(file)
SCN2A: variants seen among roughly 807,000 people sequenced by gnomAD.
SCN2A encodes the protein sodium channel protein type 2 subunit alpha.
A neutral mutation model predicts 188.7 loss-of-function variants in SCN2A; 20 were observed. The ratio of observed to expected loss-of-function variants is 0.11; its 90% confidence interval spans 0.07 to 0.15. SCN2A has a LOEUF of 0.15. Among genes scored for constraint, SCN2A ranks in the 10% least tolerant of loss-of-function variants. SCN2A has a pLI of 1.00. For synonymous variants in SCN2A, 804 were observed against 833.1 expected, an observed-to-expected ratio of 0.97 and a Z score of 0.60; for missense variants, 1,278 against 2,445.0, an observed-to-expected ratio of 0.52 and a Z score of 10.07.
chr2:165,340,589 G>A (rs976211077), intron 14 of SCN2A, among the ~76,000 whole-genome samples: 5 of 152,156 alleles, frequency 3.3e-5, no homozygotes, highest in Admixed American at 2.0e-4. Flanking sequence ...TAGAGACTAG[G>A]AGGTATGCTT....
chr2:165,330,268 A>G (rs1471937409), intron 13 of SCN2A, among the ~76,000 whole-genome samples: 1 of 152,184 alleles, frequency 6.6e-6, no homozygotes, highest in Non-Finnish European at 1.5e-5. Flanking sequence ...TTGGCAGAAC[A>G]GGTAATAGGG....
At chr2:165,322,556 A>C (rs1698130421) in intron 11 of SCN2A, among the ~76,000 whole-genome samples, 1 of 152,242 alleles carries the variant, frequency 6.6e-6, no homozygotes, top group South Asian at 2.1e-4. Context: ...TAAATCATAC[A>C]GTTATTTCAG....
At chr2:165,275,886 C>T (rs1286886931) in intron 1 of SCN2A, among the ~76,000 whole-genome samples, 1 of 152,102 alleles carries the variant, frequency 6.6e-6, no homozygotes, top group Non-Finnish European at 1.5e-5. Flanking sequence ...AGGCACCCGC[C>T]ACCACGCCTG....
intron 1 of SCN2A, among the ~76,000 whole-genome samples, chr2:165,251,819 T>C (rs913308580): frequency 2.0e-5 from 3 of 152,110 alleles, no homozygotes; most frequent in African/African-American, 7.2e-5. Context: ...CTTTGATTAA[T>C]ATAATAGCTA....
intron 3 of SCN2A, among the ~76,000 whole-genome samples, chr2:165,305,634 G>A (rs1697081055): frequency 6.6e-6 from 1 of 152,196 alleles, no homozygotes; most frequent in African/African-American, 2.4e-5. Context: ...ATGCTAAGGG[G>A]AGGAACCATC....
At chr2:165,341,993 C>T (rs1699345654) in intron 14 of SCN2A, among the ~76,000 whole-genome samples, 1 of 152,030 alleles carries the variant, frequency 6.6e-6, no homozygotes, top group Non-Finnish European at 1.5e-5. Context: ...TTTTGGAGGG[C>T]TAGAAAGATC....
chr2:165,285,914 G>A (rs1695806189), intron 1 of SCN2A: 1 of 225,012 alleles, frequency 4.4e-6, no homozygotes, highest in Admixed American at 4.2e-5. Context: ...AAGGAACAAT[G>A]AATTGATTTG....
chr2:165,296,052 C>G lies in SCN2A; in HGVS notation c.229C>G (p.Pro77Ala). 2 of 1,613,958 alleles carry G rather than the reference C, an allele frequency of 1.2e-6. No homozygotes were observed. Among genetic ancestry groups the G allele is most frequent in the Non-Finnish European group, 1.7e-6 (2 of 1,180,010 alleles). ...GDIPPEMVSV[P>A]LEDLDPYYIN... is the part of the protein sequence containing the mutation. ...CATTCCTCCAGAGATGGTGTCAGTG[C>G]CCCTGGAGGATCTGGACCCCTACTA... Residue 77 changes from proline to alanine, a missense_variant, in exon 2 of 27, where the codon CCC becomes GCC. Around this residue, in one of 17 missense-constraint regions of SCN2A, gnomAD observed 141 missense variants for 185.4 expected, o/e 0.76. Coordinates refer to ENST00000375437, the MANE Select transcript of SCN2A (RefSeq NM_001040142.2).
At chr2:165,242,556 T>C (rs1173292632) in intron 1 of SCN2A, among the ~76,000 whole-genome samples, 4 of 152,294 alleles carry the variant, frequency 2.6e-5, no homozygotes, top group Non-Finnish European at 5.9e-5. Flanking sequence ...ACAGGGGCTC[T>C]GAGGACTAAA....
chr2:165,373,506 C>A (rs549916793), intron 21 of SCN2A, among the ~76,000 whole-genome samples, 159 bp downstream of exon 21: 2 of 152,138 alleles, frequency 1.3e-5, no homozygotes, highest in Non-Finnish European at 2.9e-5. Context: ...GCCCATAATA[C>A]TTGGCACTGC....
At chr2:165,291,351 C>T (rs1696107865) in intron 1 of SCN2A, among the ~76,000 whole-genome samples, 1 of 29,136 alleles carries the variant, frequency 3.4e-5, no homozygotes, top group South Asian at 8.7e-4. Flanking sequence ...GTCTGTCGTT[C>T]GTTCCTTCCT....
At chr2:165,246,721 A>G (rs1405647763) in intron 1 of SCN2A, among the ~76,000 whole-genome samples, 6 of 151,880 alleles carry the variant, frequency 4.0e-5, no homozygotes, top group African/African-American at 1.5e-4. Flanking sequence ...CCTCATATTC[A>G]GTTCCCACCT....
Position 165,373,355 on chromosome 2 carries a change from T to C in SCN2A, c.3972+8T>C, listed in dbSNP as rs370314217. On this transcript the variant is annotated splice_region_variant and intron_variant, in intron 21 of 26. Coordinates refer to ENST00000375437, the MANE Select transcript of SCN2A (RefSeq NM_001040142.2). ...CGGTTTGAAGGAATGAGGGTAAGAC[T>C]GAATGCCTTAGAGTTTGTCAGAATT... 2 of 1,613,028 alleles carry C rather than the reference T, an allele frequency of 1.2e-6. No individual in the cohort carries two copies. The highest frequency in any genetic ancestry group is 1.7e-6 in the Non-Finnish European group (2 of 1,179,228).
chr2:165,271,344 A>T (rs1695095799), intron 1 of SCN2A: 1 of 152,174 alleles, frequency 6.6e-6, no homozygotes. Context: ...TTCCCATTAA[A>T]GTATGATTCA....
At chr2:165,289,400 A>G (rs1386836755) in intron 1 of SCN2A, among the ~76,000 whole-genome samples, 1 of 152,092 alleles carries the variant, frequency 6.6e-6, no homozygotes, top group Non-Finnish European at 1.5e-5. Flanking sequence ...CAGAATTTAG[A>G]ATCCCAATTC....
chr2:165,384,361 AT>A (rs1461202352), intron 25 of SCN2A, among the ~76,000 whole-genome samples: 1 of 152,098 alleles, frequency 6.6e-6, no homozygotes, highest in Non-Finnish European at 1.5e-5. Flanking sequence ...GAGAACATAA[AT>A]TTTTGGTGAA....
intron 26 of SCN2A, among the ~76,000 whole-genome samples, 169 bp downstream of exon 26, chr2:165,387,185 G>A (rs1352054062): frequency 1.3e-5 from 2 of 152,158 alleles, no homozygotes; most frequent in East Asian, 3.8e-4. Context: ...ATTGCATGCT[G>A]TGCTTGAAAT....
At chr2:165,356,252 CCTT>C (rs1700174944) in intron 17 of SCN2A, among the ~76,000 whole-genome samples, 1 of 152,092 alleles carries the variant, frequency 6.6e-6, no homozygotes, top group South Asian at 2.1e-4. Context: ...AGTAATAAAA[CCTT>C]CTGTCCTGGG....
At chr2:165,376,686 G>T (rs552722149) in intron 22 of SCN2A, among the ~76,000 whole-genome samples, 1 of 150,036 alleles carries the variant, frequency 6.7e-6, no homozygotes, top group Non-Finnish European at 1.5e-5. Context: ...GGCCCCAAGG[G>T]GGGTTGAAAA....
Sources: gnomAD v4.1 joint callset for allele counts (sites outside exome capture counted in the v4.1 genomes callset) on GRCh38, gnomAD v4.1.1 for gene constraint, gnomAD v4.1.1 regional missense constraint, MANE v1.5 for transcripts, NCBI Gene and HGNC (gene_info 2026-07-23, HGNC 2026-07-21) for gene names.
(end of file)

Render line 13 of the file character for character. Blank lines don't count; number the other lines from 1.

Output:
At chr2:165,242,556 T>C (rs1173292632) in intron 1 of SCN2A, among the ~76,000 whole-genome samples, 4 of 152,294 alleles carry the variant, frequency 2.6e-5, no homozygotes, top group Non-Finnish European at 5.9e-5. Flanking sequence ...ACAGGGGCTC[T>C]GAGGACTAAA....